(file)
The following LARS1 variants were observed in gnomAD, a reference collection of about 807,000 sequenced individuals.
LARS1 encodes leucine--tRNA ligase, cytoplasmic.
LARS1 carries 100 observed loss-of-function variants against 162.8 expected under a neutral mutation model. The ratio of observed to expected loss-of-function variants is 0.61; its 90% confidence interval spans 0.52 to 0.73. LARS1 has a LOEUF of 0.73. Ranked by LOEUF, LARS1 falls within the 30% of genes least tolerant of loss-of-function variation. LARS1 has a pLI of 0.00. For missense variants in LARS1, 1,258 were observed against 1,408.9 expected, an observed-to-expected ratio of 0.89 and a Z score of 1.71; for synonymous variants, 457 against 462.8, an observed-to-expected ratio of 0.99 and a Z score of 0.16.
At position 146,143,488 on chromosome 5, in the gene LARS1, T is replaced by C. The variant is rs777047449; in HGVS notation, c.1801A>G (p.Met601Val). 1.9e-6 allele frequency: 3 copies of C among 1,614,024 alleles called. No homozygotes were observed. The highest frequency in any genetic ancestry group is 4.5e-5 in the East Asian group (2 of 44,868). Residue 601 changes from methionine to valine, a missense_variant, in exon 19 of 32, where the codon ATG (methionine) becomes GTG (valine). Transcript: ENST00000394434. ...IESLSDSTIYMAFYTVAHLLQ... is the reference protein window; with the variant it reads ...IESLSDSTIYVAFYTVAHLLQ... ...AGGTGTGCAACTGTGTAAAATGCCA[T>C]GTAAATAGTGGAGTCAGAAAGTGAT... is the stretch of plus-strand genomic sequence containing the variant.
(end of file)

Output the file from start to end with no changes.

The following LARS1 variants were observed in gnomAD, a reference collection of about 807,000 sequenced individuals.
LARS1 encodes leucine--tRNA ligase, cytoplasmic.
LARS1 carries 100 observed loss-of-function variants against 162.8 expected under a neutral mutation model. The ratio of observed to expected loss-of-function variants is 0.61; its 90% confidence interval spans 0.52 to 0.73. LARS1 has a LOEUF of 0.73. Ranked by LOEUF, LARS1 falls within the 30% of genes least tolerant of loss-of-function variation. LARS1 has a pLI of 0.00. For missense variants in LARS1, 1,258 were observed against 1,408.9 expected, an observed-to-expected ratio of 0.89 and a Z score of 1.71; for synonymous variants, 457 against 462.8, an observed-to-expected ratio of 0.99 and a Z score of 0.16.
At position 146,143,488 on chromosome 5, in the gene LARS1, T is replaced by C. The variant is rs777047449; in HGVS notation, c.1801A>G (p.Met601Val). 1.9e-6 allele frequency: 3 copies of C among 1,614,024 alleles called. No homozygotes were observed. The highest frequency in any genetic ancestry group is 4.5e-5 in the East Asian group (2 of 44,868). Residue 601 changes from methionine to valine, a missense_variant, in exon 19 of 32, where the codon ATG (methionine) becomes GTG (valine). Transcript: ENST00000394434. ...IESLSDSTIYMAFYTVAHLLQ... is the reference protein window; with the variant it reads ...IESLSDSTIYVAFYTVAHLLQ... ...AGGTGTGCAACTGTGTAAAATGCCA[T>C]GTAAATAGTGGAGTCAGAAAGTGAT... is the stretch of plus-strand genomic sequence containing the variant.